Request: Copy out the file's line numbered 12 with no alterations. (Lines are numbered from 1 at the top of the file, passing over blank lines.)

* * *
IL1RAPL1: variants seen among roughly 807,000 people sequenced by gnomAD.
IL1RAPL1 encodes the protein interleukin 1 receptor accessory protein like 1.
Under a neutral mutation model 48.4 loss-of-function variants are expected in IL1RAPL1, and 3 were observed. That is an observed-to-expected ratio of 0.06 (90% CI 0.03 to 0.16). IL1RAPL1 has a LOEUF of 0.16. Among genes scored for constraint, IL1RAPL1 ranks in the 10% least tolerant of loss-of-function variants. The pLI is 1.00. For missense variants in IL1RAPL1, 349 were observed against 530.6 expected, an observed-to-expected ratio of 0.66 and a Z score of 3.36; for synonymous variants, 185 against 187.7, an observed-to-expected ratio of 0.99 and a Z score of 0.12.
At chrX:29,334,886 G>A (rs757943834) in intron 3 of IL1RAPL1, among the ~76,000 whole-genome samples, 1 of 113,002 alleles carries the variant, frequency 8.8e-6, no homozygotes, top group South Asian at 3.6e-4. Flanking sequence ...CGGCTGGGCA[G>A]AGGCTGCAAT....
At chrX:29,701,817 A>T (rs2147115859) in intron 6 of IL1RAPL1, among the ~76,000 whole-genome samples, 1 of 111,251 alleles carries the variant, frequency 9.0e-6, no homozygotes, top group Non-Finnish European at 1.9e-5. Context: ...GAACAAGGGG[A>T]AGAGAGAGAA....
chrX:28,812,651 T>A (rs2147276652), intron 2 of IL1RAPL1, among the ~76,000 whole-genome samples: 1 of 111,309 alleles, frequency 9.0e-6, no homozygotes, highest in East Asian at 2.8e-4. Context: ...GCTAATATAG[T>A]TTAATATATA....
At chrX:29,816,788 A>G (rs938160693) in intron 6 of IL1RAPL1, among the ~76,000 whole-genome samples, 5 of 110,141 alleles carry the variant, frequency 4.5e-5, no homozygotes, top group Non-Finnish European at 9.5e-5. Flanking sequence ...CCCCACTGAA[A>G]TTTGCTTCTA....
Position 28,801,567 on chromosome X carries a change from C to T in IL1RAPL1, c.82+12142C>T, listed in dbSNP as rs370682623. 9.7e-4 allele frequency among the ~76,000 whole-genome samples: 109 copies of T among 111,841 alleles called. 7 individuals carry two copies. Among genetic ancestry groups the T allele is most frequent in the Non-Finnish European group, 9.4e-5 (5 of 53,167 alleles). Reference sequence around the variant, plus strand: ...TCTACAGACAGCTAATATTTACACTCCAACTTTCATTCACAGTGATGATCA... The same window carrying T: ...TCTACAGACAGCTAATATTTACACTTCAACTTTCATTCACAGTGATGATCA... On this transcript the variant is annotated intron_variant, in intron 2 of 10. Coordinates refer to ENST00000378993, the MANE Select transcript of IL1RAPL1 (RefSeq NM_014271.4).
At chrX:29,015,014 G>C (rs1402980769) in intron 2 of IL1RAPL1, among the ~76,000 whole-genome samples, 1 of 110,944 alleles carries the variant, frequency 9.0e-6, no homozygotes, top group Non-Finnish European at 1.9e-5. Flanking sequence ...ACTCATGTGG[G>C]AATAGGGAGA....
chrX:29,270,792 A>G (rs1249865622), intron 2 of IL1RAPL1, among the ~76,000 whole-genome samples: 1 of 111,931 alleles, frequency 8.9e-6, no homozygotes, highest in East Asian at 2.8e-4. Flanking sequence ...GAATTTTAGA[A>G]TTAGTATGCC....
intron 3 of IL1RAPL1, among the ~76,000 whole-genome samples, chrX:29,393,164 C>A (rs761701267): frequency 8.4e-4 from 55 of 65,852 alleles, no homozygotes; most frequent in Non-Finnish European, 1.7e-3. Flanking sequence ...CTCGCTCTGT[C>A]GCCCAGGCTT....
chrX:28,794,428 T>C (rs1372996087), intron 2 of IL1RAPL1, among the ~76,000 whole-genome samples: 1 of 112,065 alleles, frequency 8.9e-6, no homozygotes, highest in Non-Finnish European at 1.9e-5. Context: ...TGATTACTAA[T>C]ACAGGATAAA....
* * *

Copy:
chrX:28,794,428 T>C (rs1372996087), intron 2 of IL1RAPL1, among the ~76,000 whole-genome samples: 1 of 112,065 alleles, frequency 8.9e-6, no homozygotes, highest in Non-Finnish European at 1.9e-5. Context: ...TGATTACTAA[T>C]ACAGGATAAA....